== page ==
Bodyweight exercises are great, but once you’ve been hitting the gym for a while you realise there are a few moves that keep cropping up. For good reason, obviously – press-ups, lunges, burpees, unweighted squats and planks do you all manner of good – but sometimes we can’t help but wonder: is that all there is?
No, of course not. One area that you may not be familiar with is functional gymnastics-based exercises, but Herbalife-sponsored gymnast and Olympic bronze medallist Nile Wilson is well acquainted with them and he agreed to demonstrate a few entry-level moves that anyone can master with a bit of practice. He’s also strung them into a circuit exclusively for Coach readers. (Cheers Niles.)
All the exercises use the whole body so you’ll burn calories, build strength and increase your flexibility. The one piece of equipment you might want is a mat, although that’s only if you want an extra measure of comfort.
Wilson suggests doing a circuit of three sets of ten reps, but, he says, “it’s designed to be fun and engaging for the body, so play around with it and make it work for you and your current level of fitness.”
Here’s some more advice from Wilson:
“Concentrate on activating the core when you’re doing these moves. For the core positions – especially the dish – make sure your lower back is squeezed into the floor. Your body should be tensed during every single exercise – focus on squeezing and activating the muscles.
“Take your time to get to grips with the moves and be aware of any injuries you’re carrying. Avoid any moves that could exaggerate the problem. If you lack flexibility, take it easy to begin with, practising the moves regularly so you’re working up to the full move over time. A soft mat or carpet is a good place to start. It’s best to avoid hardwood floors at first in case of any falls. And if you’re attempting the handstand, use a sofa to get into the first position, moving to the wall for extra support if needed.”
1 Roll Back To Candlestick, Stand Up And Jump
How Starting in a standing position, bend the knees and drop back gently to the floor, rolling into a soft shoulder stand, then rolling back to a standing position. Add a jump at the end to engage the core and get the heart rate up, then repeat the move.
Wilson says “The key with this move is to keep the muscles engaged and use your strength to maintain momentum. You can build on this move by increasing the height of your jump and increasing the reps.”
2 The Dish And The Arch
How Lie on the floor (pressing your lower back into the floor). Raise your feet slightly off the floor and raise your arms until they’re in line with your ears, then hold the position. For the arch (pictured, below), turn onto your stomach and raise your legs and arms off the floor, keeping them straight. Hold each move for 30-60sec – but once or twice a week, try holding them for as long as possible.
Wilson says “These are both excellent moves for the back, glutes and core and you can intensify it with a pulse or by holding for a few seconds longer.”
3 Front To Back Support
How Get into a high plank position, swing your right arm up and over your body, turning your body to face upwards. Swing back into plank position and repeat on the left-hand side.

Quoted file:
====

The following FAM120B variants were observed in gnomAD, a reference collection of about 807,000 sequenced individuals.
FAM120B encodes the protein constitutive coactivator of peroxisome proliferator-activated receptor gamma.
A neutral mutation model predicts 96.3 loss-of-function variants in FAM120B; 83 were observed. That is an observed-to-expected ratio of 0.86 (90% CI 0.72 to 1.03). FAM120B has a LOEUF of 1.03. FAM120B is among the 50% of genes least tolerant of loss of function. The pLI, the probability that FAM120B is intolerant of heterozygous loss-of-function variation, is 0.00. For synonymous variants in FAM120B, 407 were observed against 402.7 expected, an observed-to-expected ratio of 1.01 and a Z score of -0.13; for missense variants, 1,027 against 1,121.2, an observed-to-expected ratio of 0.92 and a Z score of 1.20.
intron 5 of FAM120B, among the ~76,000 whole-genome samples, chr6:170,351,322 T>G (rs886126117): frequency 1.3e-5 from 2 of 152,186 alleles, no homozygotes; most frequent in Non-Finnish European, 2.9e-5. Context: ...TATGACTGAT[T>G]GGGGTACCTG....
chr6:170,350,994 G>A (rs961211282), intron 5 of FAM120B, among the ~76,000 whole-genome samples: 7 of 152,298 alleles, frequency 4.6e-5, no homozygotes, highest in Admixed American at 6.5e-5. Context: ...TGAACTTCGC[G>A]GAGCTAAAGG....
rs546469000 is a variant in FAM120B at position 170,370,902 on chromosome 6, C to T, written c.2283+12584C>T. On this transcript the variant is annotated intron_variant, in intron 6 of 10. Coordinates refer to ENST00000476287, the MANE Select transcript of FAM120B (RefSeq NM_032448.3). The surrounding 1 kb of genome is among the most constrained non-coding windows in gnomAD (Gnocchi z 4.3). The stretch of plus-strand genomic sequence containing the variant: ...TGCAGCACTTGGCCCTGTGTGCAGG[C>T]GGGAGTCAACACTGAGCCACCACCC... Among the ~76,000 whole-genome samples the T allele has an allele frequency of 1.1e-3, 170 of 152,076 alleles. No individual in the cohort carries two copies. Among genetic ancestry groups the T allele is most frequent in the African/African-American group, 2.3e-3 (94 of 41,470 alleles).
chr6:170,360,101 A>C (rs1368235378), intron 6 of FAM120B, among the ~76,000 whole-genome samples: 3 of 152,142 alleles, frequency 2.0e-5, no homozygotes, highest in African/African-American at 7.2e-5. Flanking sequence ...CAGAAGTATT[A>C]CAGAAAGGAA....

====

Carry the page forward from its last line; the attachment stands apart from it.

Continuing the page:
Wilson says “This is a swift and controlled movement that works the entire body – particularly the triceps, chest and core. As you improve, you can increase the reps to make it more challenging.”
4 Caterpillar Walk
How Start in the downward-facing dog yoga position, walk your hands out in front of you until you reach the press-up position, then walk your feet in until you’re back in downward dog. Walk your feet out behind you (until you reach the press-up position again) then walk the hands back until you’re in downward dog again. That’s one rep.
Wilson says “You can stick to the walk into plank/back to downward facing dog or put your own stamp on this move by continuously moving forwards. This one is an excellent full-body move that engages all of the major muscle groups.”
5 Leg Raise
How Not the most interesting of exercises but it does get results. Start in a seated position, legs out straight in front of you. Place your hands on the floor, engage your core and lift your legs in a straight line, pulsing for a minimum of ten reps.
Wilson says “This move is great for the quads, hip flexors and core. And you can play around with it – try placing your legs out to the side and lifting from there, or try working one leg at a time.
Bonus Move: Handstand Practice
How Use a sofa or chair to get started. Place both feet on the sofa and your hands on the floor, with a mat or soft rug underneath you for safety. Push up into a handstand – keeping the feet placed on the sofa, core engaged, legs straight – so your body is at a right angle and hold the position. Like the arch and the dish, hold this position for 30-60sec, but twice a week try holding it for as long as possible.
Wilson says “Handstands are a great way to build core strength because they require you to stabilise your muscles – like the hamstrings, thighs, back, hip flexors and abs – to stop you from falling over. You can take this into a full handstand, using the wall for support. Practise daily – you’ll be amazed at how quickly you improve.”
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Jonathan Shannon has been the editor of the Coach website since 2016, developing a wide-ranging experience of health and fitness. Jonathan took up running while editing Coach and has run a sub-40min 10K and 1hr 28min half marathon. His next ambition is to complete a marathon. He’s an advocate of cycling to work and is Coach’s e-bike reviewer, and not just because he lives up a bit of a hill. He also reviews fitness trackers and other workout gear.